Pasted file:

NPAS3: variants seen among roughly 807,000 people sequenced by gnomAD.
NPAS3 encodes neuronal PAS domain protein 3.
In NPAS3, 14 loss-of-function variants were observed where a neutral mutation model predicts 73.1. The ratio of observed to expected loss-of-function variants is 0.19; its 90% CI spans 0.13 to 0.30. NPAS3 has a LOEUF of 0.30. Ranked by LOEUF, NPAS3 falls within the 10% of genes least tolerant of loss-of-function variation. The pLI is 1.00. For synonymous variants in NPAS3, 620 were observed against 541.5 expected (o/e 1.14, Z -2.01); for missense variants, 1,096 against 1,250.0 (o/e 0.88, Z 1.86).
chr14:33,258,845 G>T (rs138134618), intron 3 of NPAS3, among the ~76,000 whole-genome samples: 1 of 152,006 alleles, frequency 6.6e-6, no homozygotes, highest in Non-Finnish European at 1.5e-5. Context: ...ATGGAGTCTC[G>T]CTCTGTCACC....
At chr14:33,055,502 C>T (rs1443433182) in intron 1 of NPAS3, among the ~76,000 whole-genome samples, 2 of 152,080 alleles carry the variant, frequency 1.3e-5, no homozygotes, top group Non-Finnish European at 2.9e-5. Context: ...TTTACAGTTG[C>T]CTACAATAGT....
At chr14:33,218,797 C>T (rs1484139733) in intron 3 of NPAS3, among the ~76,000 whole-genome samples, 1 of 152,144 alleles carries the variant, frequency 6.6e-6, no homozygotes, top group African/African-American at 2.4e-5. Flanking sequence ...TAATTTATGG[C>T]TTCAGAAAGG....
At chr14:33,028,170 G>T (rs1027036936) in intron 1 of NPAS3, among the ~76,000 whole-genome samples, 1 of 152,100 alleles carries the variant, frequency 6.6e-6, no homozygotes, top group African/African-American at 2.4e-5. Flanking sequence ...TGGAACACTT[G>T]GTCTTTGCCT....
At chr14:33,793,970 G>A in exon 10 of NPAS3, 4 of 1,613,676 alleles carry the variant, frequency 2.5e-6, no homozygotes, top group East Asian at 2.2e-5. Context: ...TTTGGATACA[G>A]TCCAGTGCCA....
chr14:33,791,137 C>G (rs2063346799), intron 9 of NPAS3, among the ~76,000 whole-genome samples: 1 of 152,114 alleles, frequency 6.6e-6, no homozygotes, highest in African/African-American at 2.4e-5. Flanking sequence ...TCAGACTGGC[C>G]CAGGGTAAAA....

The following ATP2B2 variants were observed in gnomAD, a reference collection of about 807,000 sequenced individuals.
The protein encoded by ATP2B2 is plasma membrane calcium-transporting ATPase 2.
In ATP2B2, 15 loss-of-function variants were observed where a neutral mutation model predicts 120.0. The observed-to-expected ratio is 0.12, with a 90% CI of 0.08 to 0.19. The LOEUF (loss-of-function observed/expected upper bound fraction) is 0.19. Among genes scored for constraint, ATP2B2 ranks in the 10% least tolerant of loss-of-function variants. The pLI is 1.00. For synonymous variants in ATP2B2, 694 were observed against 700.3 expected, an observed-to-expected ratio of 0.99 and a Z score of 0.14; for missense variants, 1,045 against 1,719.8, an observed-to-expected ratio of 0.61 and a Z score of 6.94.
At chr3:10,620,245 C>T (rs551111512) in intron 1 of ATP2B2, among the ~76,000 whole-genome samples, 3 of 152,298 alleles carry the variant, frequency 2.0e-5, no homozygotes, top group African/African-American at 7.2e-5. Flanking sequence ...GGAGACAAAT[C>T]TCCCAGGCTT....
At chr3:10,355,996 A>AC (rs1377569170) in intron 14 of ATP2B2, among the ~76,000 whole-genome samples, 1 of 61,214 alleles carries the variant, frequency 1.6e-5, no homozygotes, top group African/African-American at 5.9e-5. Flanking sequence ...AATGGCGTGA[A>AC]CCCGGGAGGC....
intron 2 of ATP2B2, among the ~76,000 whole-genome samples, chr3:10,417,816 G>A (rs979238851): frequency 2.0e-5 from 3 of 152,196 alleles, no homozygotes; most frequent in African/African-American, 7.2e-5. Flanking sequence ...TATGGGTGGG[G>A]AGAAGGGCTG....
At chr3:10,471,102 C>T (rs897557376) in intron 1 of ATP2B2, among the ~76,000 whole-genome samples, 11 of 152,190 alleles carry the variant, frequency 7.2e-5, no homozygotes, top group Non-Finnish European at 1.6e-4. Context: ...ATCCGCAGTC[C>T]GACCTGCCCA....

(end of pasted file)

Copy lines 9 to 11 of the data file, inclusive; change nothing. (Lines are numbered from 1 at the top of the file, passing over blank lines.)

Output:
chr14:33,791,137 C>G (rs2063346799), intron 9 of NPAS3, among the ~76,000 whole-genome samples: 1 of 152,114 alleles, frequency 6.6e-6, no homozygotes, highest in African/African-American at 2.4e-5. Flanking sequence ...TCAGACTGGC[C>G]CAGGGTAAAA....

The following ATP2B2 variants were observed in gnomAD, a reference collection of about 807,000 sequenced individuals.
The protein encoded by ATP2B2 is plasma membrane calcium-transporting ATPase 2.